7 Things Which Could Weaken Your Leadership


There are times I'm a better leader than other times. Over the years, I've observed that many times there are things that simply weaken my leadership. When I allow these things to get in the way, I am less effective as a leader.

Sometimes this is my fault. Other times the cause is unavoidable.

If we can identify what interrupts the effectiveness of our leadership, we can become better leaders. One of my goals is to consistently find ways to guard against them.

Here are seven things which weaken your leadership:

1. Needless distractions. As leaders, we do our best work when we are pointing people toward worthy visions. Some would say this is precisely what leadership does. It's easy to get distracted with things which, while they may be good things, don't help move the organization toward the vision. In fact, they delay progress toward the vision.

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I've also learned I need to be leading in my strengths. If I ever get weak in my courage to say no to some things, the quality of my yes will be far less valuable.

2. Personal lack of discipline. It matters not if there is a great vision if I don't discipline myself to help the team reach it. This includes making sure we have good plans and goals. We need good objectives and results, with the proper systems and strategies to accomplish them.

Granted, I don't have to do all of this—and I can't—but it is part of my role to see that this is happening.

3. Ceasing to learn something new. Leading others to grow requires leaders who are growing. When I stop creatively feeding my mind, I cease to have anything new to offer our team. And life (and our organizations/church) can become stale quickly. Whether through books, podcasts, conferences or other leaders, I must find ways to continue learning and stretching myself.

4. Allowing negative influences to rule. It's hard to be the only positive in a room full of negatives. Sometimes as a leader, I've felt like more cheerleader than coach. It's one reason I like to surround myself with people who have a good outlook on life. I don't want all "yes" people, but if everything is always an immediate "no"—or "I don't like it because it's not how we've always done things"—it is draining. Eventually it is only going to bring down the strength of my leadership and ultimately the rest of the team.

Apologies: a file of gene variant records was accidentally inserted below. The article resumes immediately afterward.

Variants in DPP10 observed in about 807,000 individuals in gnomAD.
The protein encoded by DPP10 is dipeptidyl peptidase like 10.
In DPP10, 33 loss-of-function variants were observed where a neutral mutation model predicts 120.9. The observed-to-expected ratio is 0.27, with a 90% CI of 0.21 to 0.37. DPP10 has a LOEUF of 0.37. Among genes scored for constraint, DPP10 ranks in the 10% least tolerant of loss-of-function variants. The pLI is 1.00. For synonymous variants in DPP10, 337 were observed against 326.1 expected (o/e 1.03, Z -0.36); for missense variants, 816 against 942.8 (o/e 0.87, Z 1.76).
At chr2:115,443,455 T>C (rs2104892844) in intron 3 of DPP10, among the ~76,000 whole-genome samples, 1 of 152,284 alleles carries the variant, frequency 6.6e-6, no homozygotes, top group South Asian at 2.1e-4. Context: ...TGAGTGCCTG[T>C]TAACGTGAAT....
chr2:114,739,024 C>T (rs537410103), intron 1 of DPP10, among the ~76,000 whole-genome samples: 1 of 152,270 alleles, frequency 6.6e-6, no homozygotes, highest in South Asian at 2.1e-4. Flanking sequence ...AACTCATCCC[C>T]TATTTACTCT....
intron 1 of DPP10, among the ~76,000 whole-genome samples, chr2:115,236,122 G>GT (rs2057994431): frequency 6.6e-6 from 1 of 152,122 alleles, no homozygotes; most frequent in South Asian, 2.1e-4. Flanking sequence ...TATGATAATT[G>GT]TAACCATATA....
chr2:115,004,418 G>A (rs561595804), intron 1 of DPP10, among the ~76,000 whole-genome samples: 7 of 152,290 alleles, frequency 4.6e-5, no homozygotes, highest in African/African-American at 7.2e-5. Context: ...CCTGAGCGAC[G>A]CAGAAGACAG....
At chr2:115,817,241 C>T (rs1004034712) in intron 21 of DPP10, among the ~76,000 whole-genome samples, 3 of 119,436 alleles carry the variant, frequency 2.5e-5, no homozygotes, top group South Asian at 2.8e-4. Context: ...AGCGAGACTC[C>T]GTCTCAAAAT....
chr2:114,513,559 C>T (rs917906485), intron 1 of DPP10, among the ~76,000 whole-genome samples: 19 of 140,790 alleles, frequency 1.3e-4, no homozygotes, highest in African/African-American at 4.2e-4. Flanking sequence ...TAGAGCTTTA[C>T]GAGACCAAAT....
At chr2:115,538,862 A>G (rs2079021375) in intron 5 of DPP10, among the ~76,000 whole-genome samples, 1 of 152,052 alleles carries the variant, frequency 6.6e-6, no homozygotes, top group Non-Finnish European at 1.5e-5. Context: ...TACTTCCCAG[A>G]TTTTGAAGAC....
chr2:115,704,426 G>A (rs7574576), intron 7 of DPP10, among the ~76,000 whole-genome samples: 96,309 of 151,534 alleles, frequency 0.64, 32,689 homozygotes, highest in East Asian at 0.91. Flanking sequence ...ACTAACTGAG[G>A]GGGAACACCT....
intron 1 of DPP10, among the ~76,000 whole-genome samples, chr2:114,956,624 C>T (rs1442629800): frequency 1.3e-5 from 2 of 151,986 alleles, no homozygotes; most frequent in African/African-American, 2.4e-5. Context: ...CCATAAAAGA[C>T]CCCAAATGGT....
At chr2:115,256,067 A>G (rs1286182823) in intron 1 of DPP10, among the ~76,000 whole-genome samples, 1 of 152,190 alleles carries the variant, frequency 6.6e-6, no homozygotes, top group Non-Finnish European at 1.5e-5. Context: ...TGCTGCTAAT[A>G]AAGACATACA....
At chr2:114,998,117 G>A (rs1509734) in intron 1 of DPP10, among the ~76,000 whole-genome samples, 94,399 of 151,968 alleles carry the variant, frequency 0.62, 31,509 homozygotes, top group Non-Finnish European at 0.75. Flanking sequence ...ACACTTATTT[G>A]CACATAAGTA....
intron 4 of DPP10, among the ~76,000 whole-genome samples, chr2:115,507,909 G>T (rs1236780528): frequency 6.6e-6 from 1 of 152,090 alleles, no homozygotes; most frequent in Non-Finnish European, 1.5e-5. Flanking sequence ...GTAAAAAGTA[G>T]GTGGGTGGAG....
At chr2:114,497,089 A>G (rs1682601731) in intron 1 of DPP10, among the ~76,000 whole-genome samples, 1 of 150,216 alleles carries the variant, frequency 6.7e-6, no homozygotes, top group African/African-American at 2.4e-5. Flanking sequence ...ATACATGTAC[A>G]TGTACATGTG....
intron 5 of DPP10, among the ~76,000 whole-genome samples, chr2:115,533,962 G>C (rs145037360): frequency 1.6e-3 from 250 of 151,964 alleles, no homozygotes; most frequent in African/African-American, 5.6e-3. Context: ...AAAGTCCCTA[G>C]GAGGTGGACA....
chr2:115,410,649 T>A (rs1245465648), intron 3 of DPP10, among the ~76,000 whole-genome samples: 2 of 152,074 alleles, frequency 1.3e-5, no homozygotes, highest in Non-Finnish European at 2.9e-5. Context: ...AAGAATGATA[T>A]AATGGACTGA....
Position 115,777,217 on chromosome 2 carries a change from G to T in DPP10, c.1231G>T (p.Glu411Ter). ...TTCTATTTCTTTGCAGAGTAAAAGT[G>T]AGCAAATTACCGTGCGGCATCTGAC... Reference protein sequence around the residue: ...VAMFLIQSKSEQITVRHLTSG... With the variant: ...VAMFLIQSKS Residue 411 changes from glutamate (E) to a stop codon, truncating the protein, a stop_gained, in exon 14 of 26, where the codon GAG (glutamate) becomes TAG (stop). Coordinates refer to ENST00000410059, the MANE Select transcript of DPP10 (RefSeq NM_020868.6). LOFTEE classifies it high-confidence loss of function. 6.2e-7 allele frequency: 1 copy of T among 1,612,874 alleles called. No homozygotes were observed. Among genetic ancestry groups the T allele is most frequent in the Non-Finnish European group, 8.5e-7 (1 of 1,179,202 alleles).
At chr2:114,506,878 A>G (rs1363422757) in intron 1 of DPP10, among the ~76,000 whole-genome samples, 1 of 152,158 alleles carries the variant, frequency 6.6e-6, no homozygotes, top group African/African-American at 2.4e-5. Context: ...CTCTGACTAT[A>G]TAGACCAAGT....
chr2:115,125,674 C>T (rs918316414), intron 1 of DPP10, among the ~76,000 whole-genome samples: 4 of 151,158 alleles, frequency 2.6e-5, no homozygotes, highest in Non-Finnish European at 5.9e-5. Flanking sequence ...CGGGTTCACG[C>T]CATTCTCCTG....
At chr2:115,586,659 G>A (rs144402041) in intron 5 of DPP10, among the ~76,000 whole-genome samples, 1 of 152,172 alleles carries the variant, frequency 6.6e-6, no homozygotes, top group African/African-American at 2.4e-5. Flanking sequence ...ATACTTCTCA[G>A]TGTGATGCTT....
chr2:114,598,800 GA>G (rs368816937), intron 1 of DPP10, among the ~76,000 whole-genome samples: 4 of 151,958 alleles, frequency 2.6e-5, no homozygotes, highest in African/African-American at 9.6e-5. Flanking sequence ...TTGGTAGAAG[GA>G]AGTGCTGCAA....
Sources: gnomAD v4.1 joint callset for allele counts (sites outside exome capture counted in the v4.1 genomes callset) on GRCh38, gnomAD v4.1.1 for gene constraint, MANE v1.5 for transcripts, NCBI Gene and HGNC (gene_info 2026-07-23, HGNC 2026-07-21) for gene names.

5. Living in fear. Risk is involved in every leadership decision—and I mean every. Leadership is taking people to an unknown. This always involves risk. Every time. And every risk involves a certain level of fear. This is completely natural.

Fear keeps leaders from moving forward when they allow the fear to dominate the decision more than the opportunity of the risk.

5. Personal pride. Pride goes before the fall. Pride destroys. I would offer that absolute pride destroys absolutely. Okay, I embellished this popular saying to further a point.

Prideful leaders are always weakened by their pride. No one truly follows a prideful leader. They may obey, may even be infatuated for a season, but they don't follow.

6. Complacency and contentment with status quo. Leadership involves a sense of urgency. When we lose this, we lose the inner drive to lead well. We become weakened by our own loss of personal momentum.

7. Resting on past (or current) success. All of us love to succeed. I think attempting to is a pretty good goal. We might even plan for it—what a novel idea. Sadly, though, sometimes a little success can usher in complacency. We can begin to think we've figured out a system to success.

Before long, we don't think we have to be intentional anymore—maybe not even have to try as hard as we used to try. We can become weak quickly by our own delusions of grandeur.

Those are a few things which weaken my leadership. I try to guard against them.

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For the original article, visit ronedmondson.com.

Ron Edmondson is a pastor at Immanuel Baptist Church in Lexington, Kentucky. He is also a church leadership consultant who is passionate about planting churches, helping established churches thrive and assisting pastors and those in ministry think through leadership, strategy and life. Prior to ministry, Ron had more than 20 years of business experience, mostly as a self-employed business owner. Follow Ron on Facebook, Twitter and his blog at ronedmondson.com.

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